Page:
Infringement Analysis for Design Patents Requires Consideration of the Overall Design, Not Ornamental Features Alone
March 03, 2006
Judges: Mayer, Rader (author), Dyk
In Amini Innovation Corp. v. Anthony California, Inc., No. 05-1159 (Fed. Cir. Mar. 3, 2006), the Federal Circuit reversed the district court’s grant of SJ of noninfringement of copyrights and a design patent. Amini Innovation Corporation (“Amini”) began selling two collections of bedroom furniture in 2000 and 2001. Amini holds copyright registrations for the “carved ornamental woodwork” in various pieces in these collections, and owns a design patent for one of its bed frames. Amini’s competitor, Anthony California, Inc. (“Anthony”) sells two collections of bedroom furniture as well. In August 2003, after Anthony’s furniture went on sale, Amini informed Anthony of its belief that Anthony was infringing Amini’s copyrights and patent, and demanded that Anthony stop selling the accused products. Anthony disagreed.
Amini sued Anthony and its president James Chang for six counts of copyright infringement and one count of design patent infringement. The district court granted SJ of noninfringement on all counts. Amini appealed.
On appeal, the Federal Circuit reversed and remanded on all counts. Regarding the copyright infringement, the Court, applying Ninth Circuit law, held that the district court did not correctly apply the test for copying. Amini sought to prove copying by showing Anthony had access to the protected work before making its accused products, coupled with substantial similarity of the protected and accused designs. The Court held that the record was inconclusive as to whether Anthony had access to the protected designs. Therefore, a strong showing of substantial similarity was required to prove infringement. The Ninth Circuit test for substantial similarity involves two steps. First, for the “extrinsic test,” the elements of the protected and accused designs are compared. Second, for the “intrinsic test,” the fact-finder subjectively compares the overall concept and feel of the designs. The Court held that the district court erred in expanding the “extrinsic” part of the test by evaluating the overall concept and feel of the works. Moreover, the fact intensive question of the total concept and feel was improper on SJ. Noting a few of the unique features shared by the protected and accused designs, the Court held that a reasonable jury could conclude that some of the designs satisfy the required heightened showing of substantial similarity and, therefore, vacated SJ.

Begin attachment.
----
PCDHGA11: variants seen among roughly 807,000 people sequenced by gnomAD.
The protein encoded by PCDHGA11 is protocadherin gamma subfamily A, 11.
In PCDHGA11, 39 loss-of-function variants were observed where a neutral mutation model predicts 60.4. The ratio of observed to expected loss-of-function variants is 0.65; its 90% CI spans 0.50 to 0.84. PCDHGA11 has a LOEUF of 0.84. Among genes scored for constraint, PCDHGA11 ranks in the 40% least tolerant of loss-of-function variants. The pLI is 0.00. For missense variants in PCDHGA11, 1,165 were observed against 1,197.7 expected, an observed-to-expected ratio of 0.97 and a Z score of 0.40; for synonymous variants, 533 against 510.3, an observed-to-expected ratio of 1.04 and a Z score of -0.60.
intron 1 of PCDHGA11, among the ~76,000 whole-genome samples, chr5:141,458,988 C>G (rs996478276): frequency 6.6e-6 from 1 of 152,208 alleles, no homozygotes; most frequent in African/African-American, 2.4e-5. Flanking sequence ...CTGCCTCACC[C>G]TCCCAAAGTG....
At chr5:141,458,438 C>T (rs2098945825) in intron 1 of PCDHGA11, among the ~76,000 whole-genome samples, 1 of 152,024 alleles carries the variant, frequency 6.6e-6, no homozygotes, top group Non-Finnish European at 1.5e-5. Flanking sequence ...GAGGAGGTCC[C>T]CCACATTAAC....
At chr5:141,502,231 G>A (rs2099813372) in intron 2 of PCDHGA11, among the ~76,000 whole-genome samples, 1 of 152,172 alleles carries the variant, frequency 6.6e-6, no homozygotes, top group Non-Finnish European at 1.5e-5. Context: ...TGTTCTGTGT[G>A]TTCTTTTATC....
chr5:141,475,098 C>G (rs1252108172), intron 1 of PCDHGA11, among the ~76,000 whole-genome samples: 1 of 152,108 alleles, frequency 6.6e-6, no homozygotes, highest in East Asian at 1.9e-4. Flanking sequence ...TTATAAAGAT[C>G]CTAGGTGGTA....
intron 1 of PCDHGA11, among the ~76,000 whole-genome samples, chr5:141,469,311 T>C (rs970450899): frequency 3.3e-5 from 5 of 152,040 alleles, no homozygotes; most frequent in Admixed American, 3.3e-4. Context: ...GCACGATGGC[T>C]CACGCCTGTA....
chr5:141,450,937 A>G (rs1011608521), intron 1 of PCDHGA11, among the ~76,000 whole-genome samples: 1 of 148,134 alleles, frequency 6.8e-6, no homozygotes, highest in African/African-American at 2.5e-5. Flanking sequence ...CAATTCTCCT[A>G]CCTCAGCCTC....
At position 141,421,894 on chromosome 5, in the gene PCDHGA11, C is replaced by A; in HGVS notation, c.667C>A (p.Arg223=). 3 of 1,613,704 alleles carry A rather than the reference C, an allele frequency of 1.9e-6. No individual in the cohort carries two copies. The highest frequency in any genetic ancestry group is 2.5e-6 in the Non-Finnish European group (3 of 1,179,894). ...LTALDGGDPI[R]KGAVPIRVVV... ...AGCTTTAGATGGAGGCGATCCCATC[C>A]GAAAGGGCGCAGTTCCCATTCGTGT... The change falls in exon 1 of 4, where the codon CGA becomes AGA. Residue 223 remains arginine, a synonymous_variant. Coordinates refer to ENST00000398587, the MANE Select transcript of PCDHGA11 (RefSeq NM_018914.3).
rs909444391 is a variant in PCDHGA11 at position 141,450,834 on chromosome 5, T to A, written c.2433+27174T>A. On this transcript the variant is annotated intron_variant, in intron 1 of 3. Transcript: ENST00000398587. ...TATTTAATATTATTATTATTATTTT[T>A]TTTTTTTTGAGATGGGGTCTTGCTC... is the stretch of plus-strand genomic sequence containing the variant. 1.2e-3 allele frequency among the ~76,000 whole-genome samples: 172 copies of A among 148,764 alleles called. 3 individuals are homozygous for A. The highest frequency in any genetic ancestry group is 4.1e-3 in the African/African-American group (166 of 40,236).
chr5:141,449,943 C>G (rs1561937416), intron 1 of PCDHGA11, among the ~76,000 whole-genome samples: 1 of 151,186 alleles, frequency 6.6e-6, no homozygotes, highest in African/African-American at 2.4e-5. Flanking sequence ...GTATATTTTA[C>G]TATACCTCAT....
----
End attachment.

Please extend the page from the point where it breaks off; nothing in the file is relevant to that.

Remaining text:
Regarding infringement of the design patent, the Federal Circuit again held that the district court did not correctly apply the test for infringement. First, the Court construed the claim to extend to the overall design of the bed frame, including both ornamental and functional features. The Court explained that infringement of a design patent occurs if the claimed and accused product designs are so similar as to deceive the ordinary observer, causing the observer to mistake one product for the other. This deception results from the similarity of the overall designs, not from the similarities in ornamental features alone. The Court held that the district court applied the ordinary observer test too narrowly by comparing each element in isolation, rather than looking at the similarity of the designs as a whole. The Court held that it cannot agree that no reasonable jury could find substantial similarity and, therefore, vacated SJ.
In addition, the Federal Circuit noted that Amini had not yet shown which features of its designs were novel. Therefore, the Courtinstructed Amini to introduce additional evidence on remand, such as the prosecution history and the relevant prior art references, to show points of novelty.